Deflation trade returning?

While Americans were on holiday, the last couple of days have seen some exciting market action. Stock indexes around the world declined roughly 3-8%, “safe” US and German government bonds rallied, and the dollar plunged to a new low then rebounded very strongly. Gold made a new all-time dollar high at $1196 as the dollar made its low, but when the buck turned yesterday gold plunged to $1130 as US stocks futures (which traded round-the-clock through the holiday) wiped out two weeks of gains in about 24 hours. Higher yield currencies such as the Aussie, Kiwi and South African Rand fell 3-4%, oil extended its decline to under $75, and copper got smacked $0.20 off its new high. One spot of green was natural gas, which extended its bounce to 14% off an area of strong technical support.

Gold showed us what can happen to a levered market after a parabolic move breaks its uptrend. In the wee hours today, it fell $55 in just two hours before rebounding right to resistance (the previous support at $1180, which when broken, precipitated the crash). Here’s a chart of the last two days:


Commentators blame the Dubai default for this week’s gut-check, and the event may have acted as a catalyst, but the fact is that the risk/reflation trade had reached new heights over the last couple of weeks on a wave of complacency. Early this week the VIX nearly hit the teens and the daily put:call ratio put in a super-low print, while the Nikkei, Treasuries and yen offered warnings that all was not well. Browsing through the world index charts on Bloomberg, it is striking how few other markets have followed the Dow to new highs this month. The troops have been losing heart since summer as the generals kept charging ahead, a classic case of inter-market non-confirmation, which can also be seen in the weak action in small-caps and sector indexes like the transports, financials and utilities.

In last few trading hours of the week (this morning), many markets staged a very sharp recovery, as you can see here in this 1-month view of S&P futures:

Source: Interactive Brokers

Today’s pattern played out in nearly identical fashion in oil, gold, silver and other stock indexes. The stall point offered a clean spot for initiating or adding shorts, and those who did so were rewarded nicely in the last 30 minutes of trading as everything sold off quickly.

Next week should be very interesting. The risk trade plateaued for the last two weeks and went through the usual distributive action, so I have been expecting a down leg of some magnitude. Wouldn’t it be nice if this were the one to finally put a nail in the reflation coffin? I am sick of this market, as would be anyone who understands how far out of line these prices are with value or economic reality.

As Dubai’s default reminds us, this credit bust is far from over. There are still trillions and trillions in bad debt out there, and nearly every major bank in the world is still bankrupt and contracting lending (down another 3% in the US in Q3). We have all the hotels, condos and strip malls we’ll need for ages, and the consumer culture of the late 20th and early 21st century is just an unfortunate historical blip. Don’t tell that to Wall Street equity analysts, though — they still think the S&P will earn over $60 next year, just like in boom-time 2005.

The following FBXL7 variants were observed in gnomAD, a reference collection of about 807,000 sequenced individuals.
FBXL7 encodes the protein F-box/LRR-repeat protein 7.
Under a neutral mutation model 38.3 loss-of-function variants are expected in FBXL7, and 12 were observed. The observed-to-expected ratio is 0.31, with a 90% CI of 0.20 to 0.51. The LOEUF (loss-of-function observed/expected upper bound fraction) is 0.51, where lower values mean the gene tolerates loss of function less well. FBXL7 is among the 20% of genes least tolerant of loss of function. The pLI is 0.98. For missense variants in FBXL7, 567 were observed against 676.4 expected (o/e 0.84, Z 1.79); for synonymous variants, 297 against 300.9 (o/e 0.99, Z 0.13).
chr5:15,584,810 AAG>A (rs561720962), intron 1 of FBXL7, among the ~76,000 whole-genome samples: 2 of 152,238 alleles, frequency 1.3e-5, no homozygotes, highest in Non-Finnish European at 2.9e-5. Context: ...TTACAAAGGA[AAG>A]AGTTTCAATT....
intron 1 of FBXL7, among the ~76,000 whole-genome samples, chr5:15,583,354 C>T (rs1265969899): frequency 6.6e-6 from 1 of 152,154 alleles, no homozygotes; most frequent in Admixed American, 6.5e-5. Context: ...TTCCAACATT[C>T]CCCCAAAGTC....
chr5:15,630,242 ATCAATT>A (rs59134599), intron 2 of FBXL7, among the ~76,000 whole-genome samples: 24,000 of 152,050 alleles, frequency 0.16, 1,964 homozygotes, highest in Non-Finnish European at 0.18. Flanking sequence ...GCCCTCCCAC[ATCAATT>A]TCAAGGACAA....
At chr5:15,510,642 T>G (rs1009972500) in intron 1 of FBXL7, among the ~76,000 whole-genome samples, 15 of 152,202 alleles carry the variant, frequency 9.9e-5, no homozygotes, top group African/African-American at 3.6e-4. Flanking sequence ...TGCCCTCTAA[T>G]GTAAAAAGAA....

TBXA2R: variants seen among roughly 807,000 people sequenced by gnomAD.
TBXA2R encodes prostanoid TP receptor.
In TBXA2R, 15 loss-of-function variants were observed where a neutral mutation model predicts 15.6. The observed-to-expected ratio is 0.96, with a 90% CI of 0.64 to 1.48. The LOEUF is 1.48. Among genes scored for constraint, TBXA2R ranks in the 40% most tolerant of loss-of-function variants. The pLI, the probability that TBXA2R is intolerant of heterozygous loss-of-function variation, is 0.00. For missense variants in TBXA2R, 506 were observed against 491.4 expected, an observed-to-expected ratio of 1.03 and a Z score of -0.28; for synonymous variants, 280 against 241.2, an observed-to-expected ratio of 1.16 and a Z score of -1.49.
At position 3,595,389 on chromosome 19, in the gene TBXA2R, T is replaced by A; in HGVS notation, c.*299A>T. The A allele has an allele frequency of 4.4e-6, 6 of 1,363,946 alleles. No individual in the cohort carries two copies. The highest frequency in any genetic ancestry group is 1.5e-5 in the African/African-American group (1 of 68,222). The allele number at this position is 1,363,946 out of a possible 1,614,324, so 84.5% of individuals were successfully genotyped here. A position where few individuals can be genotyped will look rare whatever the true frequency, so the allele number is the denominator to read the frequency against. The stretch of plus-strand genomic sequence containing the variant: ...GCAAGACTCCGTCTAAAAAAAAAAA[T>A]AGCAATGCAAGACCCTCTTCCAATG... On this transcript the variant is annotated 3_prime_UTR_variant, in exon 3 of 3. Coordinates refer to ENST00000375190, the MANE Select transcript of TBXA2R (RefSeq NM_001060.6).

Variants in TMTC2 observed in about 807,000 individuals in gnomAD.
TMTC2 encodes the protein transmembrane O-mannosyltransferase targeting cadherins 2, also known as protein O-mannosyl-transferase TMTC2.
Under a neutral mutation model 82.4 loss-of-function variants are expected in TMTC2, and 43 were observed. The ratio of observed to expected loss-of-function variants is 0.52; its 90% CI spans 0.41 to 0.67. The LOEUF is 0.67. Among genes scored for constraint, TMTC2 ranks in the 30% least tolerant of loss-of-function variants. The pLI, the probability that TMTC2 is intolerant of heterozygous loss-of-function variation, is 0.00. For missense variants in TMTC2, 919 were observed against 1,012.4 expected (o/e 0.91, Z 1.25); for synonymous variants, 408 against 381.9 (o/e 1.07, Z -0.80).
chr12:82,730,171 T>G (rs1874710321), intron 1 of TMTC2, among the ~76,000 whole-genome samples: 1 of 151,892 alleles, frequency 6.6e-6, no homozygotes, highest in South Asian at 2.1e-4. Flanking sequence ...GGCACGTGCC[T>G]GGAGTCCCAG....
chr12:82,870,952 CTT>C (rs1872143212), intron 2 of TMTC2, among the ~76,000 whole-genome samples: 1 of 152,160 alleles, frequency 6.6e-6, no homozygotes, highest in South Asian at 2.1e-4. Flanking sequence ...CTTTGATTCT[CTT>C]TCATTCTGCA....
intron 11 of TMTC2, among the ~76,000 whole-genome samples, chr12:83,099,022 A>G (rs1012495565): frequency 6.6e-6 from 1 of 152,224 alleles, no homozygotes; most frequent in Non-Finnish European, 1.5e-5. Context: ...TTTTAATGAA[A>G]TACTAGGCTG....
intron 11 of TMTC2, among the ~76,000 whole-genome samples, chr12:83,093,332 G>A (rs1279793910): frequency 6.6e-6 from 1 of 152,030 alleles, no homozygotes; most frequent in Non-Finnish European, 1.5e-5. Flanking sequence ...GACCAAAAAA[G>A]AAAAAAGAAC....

PS — check out Dave Rosenberg’s latest essay for a good commentary on the week’s action. You have to sign up, but it’s free.  Click here.

The carry trade returns

Graphite here.

One development which has been making the rounds in the financial news lately is the development of a US dollar carry trade. I won’t ponder the details of the carry trade here, as I’m sure most readers are familiar with its mechanics. Shorting low-yielding assets like the dollar to fund purchases of higher-yielding ones — which is just about anything besides the dollar these days — doesn’t take a whole lot of work or talent or luck. All it really takes is a lot of that classic elixir of speculation, leverage.

Less interesting than the character traits of carry traders, though, is the spectacular and totally unforgiving fashion in which their speculations can come to grief. Throughout the bull market of the 2000s, AUD/JPY was the king of the carry trades. (Take a look, for example, at this Investopedia article touting the dazzling 83% gains from 2000 through 2007 in the pair.) With the Aussie dollar yielding nearly 600 basis points more than the Japanese yen, the cross pair was an absolute cash cow. As long as risk appetites remained robust, this trade proceeded in a virtuous cycle: its profitability attracted new JPY shorts, who drove the yen further down and made the trade still more profitable.

Then came the financial crisis, and suddenly the carry traders found themselves all leaning the wrong way in a very crowded trade, in a market with leverage as high as 200:1. The chart tells the tale:

Interactive Brokers

Source: Interactive Brokers

From July 2008 to January 2009, nearly the entire 2000-2008 bull move in AUD/JPY, from a low of 56 to a high around 104, was retraced. “Puking” doesn’t begin to capture the desperation with which longs exited this trade.

Earlier this year and a couple hundred S&P points ago, I had been somewhat dubious of EWI’s forecast for the next move down in equity markets to produce a VIX print higher than what was seen during the crash of October 2008. In the 1930-1932 period, the long, steady march down to the ultimate low never really matched the drama of the Great Crash.